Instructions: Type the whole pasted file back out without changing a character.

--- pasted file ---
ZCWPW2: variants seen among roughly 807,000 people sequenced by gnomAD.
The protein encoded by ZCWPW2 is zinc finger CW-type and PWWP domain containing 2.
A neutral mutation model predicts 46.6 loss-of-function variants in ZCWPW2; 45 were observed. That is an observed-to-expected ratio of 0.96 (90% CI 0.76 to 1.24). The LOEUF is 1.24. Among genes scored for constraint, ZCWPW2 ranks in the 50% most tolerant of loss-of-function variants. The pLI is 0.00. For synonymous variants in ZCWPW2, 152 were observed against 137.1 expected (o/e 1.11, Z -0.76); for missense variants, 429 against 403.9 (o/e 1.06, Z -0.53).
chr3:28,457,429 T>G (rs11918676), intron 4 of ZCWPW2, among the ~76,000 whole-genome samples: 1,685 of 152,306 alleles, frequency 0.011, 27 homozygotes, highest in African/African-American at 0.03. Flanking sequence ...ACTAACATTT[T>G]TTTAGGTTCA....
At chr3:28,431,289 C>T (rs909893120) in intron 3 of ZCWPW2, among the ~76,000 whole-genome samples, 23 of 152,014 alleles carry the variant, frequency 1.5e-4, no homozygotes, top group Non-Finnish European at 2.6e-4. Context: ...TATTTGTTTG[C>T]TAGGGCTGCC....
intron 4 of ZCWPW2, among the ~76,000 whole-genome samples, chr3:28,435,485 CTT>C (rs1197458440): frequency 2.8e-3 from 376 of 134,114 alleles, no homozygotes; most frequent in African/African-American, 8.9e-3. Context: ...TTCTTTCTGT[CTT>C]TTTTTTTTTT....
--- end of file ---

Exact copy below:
ZCWPW2: variants seen among roughly 807,000 people sequenced by gnomAD.
The protein encoded by ZCWPW2 is zinc finger CW-type and PWWP domain containing 2.
A neutral mutation model predicts 46.6 loss-of-function variants in ZCWPW2; 45 were observed. That is an observed-to-expected ratio of 0.96 (90% CI 0.76 to 1.24). The LOEUF is 1.24. Among genes scored for constraint, ZCWPW2 ranks in the 50% most tolerant of loss-of-function variants. The pLI is 0.00. For synonymous variants in ZCWPW2, 152 were observed against 137.1 expected (o/e 1.11, Z -0.76); for missense variants, 429 against 403.9 (o/e 1.06, Z -0.53).
chr3:28,457,429 T>G (rs11918676), intron 4 of ZCWPW2, among the ~76,000 whole-genome samples: 1,685 of 152,306 alleles, frequency 0.011, 27 homozygotes, highest in African/African-American at 0.03. Flanking sequence ...ACTAACATTT[T>G]TTTAGGTTCA....
At chr3:28,431,289 C>T (rs909893120) in intron 3 of ZCWPW2, among the ~76,000 whole-genome samples, 23 of 152,014 alleles carry the variant, frequency 1.5e-4, no homozygotes, top group Non-Finnish European at 2.6e-4. Context: ...TATTTGTTTG[C>T]TAGGGCTGCC....
intron 4 of ZCWPW2, among the ~76,000 whole-genome samples, chr3:28,435,485 CTT>C (rs1197458440): frequency 2.8e-3 from 376 of 134,114 alleles, no homozygotes; most frequent in African/African-American, 8.9e-3. Context: ...TTCTTTCTGT[CTT>C]TTTTTTTTTT....